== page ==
Kung Pao Chicken
This is a wonderful dish, which combines the smoky flavor of dark soy sauce, the freshness of green onion and the crunch of peanuts.
It is a fusion dish, as it often shows up on Szechwan menus, but is actually a dish from the Beijing region. Always a favorite of mine from Chinese take away, I finally worked out the recipe to make it at home.
1.5 lbs of boneless Chicken Breast, cut into cubes
2 Tbsp Cornstarch
1 Tbsp Light Soy Sauce
1 Tbsp Rice Vinegar
1 Egg White
1 Tbsp Mirin, or dry Sherry
Mix all ingredients together and marinade in refrigerator for at least one hour prior to cooking.
Prepare the sauce mixture just before beginning to cook and set it aside.
2 Tbsp of Mirin, or dry Sherry
1 Tbsp of Chili Garlic Paste, or 6-8 dried whole red chilies
2 tsp of Worstershire Sauce
2 Tbsp of Dark Soy Sauce
2 tsp of Toasted Sesame Oil
1 Tbsp of Light Brown Sugar
2 Tbsp of Water
1 Tbsp of Cornstarch
4 cloves of Garlic, roughly chopped
¼ - ½ cup of unsalted Chicken Stock
1 Red Pepper, chopped into 1 inch cubes
1 bunch of Green Onions, chopped into 1 inch pieces
½ cup of Peanuts, unsalted
Oil for cooking
Begin by preheating the wok or pan to a high heat, then add the oil to cover the bottom of the wok. This will be approx. 3 to 4 Tbsp.
When very hot, carefully add the garlic, and quickly sauté, but do not brown. Add the chicken minute into the pan and cook until it loses its rawness. The chicken will take on a velvety texture and slightly brown. Remove it form the wok with a slotted spoon or your wok tool.
Now add the red pepper and cook until the mixture is almost done. Add the sauce mixture, half of the unsalted chicken stock and green onions and cook until the chicken is done. You can add the rest of the stock if it is too thick.
At the very end, stir in the peanuts and serve immediately with steamed Chinese rice.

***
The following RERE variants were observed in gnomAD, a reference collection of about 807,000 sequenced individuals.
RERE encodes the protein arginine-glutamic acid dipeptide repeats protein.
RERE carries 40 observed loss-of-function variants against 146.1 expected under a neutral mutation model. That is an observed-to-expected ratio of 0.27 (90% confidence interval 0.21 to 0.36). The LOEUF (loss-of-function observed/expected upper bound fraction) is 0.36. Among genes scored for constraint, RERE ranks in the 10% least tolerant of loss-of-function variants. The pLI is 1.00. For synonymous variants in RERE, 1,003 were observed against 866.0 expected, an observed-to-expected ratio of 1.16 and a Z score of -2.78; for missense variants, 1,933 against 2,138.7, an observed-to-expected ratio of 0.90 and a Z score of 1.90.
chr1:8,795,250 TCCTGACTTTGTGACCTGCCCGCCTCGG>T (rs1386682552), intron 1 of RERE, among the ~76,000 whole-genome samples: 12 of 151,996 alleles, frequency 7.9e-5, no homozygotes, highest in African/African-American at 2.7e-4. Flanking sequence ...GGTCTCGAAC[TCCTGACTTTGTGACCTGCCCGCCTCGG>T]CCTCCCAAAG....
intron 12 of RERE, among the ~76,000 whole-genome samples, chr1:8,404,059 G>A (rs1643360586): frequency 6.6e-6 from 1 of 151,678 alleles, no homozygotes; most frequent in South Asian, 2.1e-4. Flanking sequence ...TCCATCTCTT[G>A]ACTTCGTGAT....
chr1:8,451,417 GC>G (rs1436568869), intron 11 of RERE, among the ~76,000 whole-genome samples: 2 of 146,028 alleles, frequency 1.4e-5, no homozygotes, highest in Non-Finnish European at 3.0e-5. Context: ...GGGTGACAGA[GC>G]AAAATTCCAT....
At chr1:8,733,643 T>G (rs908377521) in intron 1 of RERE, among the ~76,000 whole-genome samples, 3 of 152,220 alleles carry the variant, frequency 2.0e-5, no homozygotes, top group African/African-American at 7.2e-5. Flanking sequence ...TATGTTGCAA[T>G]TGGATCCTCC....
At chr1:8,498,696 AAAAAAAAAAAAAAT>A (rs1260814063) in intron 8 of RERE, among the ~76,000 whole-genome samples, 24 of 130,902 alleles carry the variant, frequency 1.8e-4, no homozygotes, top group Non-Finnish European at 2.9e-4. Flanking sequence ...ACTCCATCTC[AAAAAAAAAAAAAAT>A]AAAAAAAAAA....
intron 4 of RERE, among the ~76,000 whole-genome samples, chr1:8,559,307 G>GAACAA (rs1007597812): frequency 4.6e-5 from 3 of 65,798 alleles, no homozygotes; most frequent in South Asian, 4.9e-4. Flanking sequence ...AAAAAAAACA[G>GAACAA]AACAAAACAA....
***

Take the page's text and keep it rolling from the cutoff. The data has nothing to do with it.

Beef with Oyster Sauce and Broccoli
This is a very simple but wonderful dish, which is both healthy and fast to prepare. It reflects the simplicity of Chinese cooking, and remember preparation time for Asian food is in the beginning, not after you start cooking.
Once you start, everything should be ready to go. As the French so perfectly say, “mis en place”, everything in its place
2 Tbsp. Oil
½ lb. Flank Steak, cut thinly against the grain. Hint: If you slightly freeze the meat before cutting, it is easier to get the thin slices.
½ lb. Broccoli florets, blanched for 3 minutes in boiling salted water, then drained
3 cloves of fresh minced Garlic
1 2 in. piece of fresh Ginger Root, peeled and minced
3 Tbsp. Oyster Sauce
2 Tbsp. Dry Sherry
1 Tbsp. Dark Soy Sauce
1 tsp. Sugar
1 tsp. Cornstarch
½ tsp. Toasted Sesame Oil
Preheat pan, and then add oil, and bring until just starting to smoke. Now add garlic and ginger and stir-fry very quickly and add meat, and cook for 2 minutes.
Add all remaining ingredients except broccoli and sesame oil. Stir-fry for another one minute and then add broccoli, and cook for another minute.
Add toasted sesame oil, remove from heat and serve with steamed Chinese rice.